The topic of updating or upgrading an operating system (OS) is a rather pertinent one. Fooling around with operating systems is not for those who are easily startled when it comes to computers. Fiddling with the very software which ensures that your computer turns on in a normal fashion is akin to seeing how your body might function if your jugular was somehow moved to your left foot.
A quick test to figure out if you know enough to be able to upgrade your OS would be to identify and know how to use the fdisk and format commands. If you haven't the faintest idea of what those terms are, then you probably want to find a bigheaded computer buddy to explain.
In the past, reinstalling an OS meant that you would have to reinstall everything from scratch. Windows was quite unusual when you tried to reinstall the OS on an already existing Windows installation. All kinds of problems would crop up. With the problems that most people experienced, you were generally better off trying to save whatever you needed to a safe location, and then totally nuking the rest of your drive. After all, if you are going through the trouble of reinstalling the OS, you might as well end up with something that is better than what you had before.
I can't say that I have ever had an easy time updating any Windows installation. In theory, you are supposed to be able to simply click on setup, click a couple more boxes and be done with it. Most of my attempts at updating Windows by installing over an existing version of Windows have left my computer in a woeful state of disarray, generally bloating the already corpulent Windows directory to ever staggering heights. Following the explosion of the OS directory, were the inevitable throes of death, otherwise known as blue screens of death (BSOD).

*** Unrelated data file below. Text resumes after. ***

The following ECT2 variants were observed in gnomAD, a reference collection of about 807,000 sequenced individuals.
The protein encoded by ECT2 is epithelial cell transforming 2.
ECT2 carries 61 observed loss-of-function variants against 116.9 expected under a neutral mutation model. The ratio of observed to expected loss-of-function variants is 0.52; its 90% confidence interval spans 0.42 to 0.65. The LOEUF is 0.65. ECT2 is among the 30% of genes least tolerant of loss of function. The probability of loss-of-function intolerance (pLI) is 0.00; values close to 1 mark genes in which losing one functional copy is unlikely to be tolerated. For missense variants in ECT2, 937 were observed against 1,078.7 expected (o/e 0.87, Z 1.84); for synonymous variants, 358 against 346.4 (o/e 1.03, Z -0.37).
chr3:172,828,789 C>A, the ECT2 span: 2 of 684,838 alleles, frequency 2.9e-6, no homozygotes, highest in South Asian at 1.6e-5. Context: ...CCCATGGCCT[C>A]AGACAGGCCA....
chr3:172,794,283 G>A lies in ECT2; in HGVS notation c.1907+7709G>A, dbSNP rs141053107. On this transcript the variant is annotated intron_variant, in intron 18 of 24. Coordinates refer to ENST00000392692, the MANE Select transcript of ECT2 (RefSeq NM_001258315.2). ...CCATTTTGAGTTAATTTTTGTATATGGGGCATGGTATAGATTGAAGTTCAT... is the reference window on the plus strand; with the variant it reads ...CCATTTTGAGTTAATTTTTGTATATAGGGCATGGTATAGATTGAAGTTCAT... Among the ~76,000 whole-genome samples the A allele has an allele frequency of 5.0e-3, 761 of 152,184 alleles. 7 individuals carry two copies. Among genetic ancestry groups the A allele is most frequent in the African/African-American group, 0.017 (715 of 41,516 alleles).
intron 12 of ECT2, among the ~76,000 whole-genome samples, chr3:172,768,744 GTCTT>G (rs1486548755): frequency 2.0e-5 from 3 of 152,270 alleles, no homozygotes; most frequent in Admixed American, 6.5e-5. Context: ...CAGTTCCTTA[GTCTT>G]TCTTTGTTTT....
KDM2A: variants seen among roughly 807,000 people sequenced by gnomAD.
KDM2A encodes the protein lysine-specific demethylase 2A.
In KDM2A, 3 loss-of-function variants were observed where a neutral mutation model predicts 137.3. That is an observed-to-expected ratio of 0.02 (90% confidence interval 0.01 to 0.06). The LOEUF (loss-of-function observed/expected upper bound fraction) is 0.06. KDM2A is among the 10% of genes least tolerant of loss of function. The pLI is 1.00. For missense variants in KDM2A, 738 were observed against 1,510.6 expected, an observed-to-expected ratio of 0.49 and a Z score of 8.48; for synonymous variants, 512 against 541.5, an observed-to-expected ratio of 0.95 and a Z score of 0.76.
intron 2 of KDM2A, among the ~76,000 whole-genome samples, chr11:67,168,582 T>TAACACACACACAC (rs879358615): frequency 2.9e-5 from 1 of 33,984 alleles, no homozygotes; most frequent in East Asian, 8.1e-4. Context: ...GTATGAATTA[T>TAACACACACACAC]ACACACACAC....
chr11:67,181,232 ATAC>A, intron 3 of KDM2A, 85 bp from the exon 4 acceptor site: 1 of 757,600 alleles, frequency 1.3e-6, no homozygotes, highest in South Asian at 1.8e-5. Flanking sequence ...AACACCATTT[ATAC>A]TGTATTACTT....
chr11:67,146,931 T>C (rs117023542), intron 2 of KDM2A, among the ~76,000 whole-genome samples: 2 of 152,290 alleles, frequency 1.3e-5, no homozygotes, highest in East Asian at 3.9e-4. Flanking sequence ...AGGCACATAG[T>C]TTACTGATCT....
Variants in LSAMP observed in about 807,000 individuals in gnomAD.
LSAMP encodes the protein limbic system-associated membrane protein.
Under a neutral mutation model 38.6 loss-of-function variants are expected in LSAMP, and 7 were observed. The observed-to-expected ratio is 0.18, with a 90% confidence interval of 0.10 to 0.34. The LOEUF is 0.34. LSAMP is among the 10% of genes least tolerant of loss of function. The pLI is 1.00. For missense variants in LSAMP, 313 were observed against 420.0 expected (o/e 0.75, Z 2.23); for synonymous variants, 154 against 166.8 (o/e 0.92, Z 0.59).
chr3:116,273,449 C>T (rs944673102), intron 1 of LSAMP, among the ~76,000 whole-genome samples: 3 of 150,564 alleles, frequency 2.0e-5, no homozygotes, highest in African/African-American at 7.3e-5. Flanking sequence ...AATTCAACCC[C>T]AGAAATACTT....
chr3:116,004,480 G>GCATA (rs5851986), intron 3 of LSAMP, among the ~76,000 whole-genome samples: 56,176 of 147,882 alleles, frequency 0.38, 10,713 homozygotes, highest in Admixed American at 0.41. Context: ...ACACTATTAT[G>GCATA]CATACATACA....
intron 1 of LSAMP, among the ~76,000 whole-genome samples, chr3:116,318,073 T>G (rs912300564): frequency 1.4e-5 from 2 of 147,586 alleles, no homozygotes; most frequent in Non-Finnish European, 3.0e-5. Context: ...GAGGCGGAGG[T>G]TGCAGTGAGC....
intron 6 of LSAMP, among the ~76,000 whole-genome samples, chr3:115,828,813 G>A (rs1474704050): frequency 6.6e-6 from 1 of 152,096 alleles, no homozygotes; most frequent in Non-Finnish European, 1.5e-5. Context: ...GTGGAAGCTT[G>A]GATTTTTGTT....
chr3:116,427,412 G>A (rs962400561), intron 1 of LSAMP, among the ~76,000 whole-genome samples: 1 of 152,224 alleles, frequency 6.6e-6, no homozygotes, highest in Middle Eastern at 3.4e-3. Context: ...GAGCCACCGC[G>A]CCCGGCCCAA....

As natural extension of our Windows 98 vs. Windows ME article, we wanted to see how well WinME performed in the task of upgrading an existing version of Windows. Our method was to install Win98SE and then update it with WinME. The results were quite pleasing. The amount of time the entire process took was in the sub twenty-minute range. No conflicts to speak of at all. All the previously installed hardware worked just fine, and all the software functioned without a hitch.
Some of our more astute readers will point out that we are using our test beds for this upgrading experiment. This is a system that is formatted on a regular basis, meaning it is exceedingly clean. Heck, the only programs that are even loaded on those machines are various benchmarks and games. Keeping this in mind, we took the test one step further; we put one of our own machines under the axe. To make it painfully clear, this is a real world system, with real programs, real games, and our very real own files.
Some poor soul was volunteered his system for the test, one guess as to who it was. Fortunately, our real world system upgrade was a snap. In fact, we were even more surprised when we checked the size of the new Windows directory; it was smaller than the old one! Everything was in perfect working order after the installation.
Enough with the babble, time to check out the performance of these systems.